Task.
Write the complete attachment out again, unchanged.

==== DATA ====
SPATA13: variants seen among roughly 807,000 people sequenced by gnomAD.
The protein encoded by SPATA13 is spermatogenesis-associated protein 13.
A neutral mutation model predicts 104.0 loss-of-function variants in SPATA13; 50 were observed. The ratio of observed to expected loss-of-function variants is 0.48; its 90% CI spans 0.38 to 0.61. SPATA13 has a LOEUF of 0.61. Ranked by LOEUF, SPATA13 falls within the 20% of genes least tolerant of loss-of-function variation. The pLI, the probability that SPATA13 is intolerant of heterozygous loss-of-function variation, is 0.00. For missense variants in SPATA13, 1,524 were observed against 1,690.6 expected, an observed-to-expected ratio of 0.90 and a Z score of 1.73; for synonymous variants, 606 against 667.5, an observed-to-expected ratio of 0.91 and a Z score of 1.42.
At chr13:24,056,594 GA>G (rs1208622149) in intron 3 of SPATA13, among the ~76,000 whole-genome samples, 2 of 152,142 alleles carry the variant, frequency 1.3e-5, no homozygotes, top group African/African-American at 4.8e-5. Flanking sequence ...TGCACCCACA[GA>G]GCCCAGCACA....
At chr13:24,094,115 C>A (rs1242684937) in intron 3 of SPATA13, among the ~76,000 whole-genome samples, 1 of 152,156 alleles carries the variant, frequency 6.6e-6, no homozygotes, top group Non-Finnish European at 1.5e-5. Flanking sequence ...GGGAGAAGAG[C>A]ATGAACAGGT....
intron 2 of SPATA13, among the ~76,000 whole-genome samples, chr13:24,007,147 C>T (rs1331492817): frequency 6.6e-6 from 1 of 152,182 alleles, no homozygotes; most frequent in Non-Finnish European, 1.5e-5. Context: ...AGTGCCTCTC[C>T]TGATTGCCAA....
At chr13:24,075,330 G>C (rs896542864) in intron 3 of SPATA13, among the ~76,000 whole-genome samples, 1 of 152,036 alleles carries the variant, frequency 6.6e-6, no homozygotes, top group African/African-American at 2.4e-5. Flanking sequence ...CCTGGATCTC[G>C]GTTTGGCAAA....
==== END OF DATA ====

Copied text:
SPATA13: variants seen among roughly 807,000 people sequenced by gnomAD.
The protein encoded by SPATA13 is spermatogenesis-associated protein 13.
A neutral mutation model predicts 104.0 loss-of-function variants in SPATA13; 50 were observed. The ratio of observed to expected loss-of-function variants is 0.48; its 90% CI spans 0.38 to 0.61. SPATA13 has a LOEUF of 0.61. Ranked by LOEUF, SPATA13 falls within the 20% of genes least tolerant of loss-of-function variation. The pLI, the probability that SPATA13 is intolerant of heterozygous loss-of-function variation, is 0.00. For missense variants in SPATA13, 1,524 were observed against 1,690.6 expected, an observed-to-expected ratio of 0.90 and a Z score of 1.73; for synonymous variants, 606 against 667.5, an observed-to-expected ratio of 0.91 and a Z score of 1.42.
At chr13:24,056,594 GA>G (rs1208622149) in intron 3 of SPATA13, among the ~76,000 whole-genome samples, 2 of 152,142 alleles carry the variant, frequency 1.3e-5, no homozygotes, top group African/African-American at 4.8e-5. Flanking sequence ...TGCACCCACA[GA>G]GCCCAGCACA....
At chr13:24,094,115 C>A (rs1242684937) in intron 3 of SPATA13, among the ~76,000 whole-genome samples, 1 of 152,156 alleles carries the variant, frequency 6.6e-6, no homozygotes, top group Non-Finnish European at 1.5e-5. Flanking sequence ...GGGAGAAGAG[C>A]ATGAACAGGT....
intron 2 of SPATA13, among the ~76,000 whole-genome samples, chr13:24,007,147 C>T (rs1331492817): frequency 6.6e-6 from 1 of 152,182 alleles, no homozygotes; most frequent in Non-Finnish European, 1.5e-5. Context: ...AGTGCCTCTC[C>T]TGATTGCCAA....
At chr13:24,075,330 G>C (rs896542864) in intron 3 of SPATA13, among the ~76,000 whole-genome samples, 1 of 152,036 alleles carries the variant, frequency 6.6e-6, no homozygotes, top group African/African-American at 2.4e-5. Flanking sequence ...CCTGGATCTC[G>C]GTTTGGCAAA....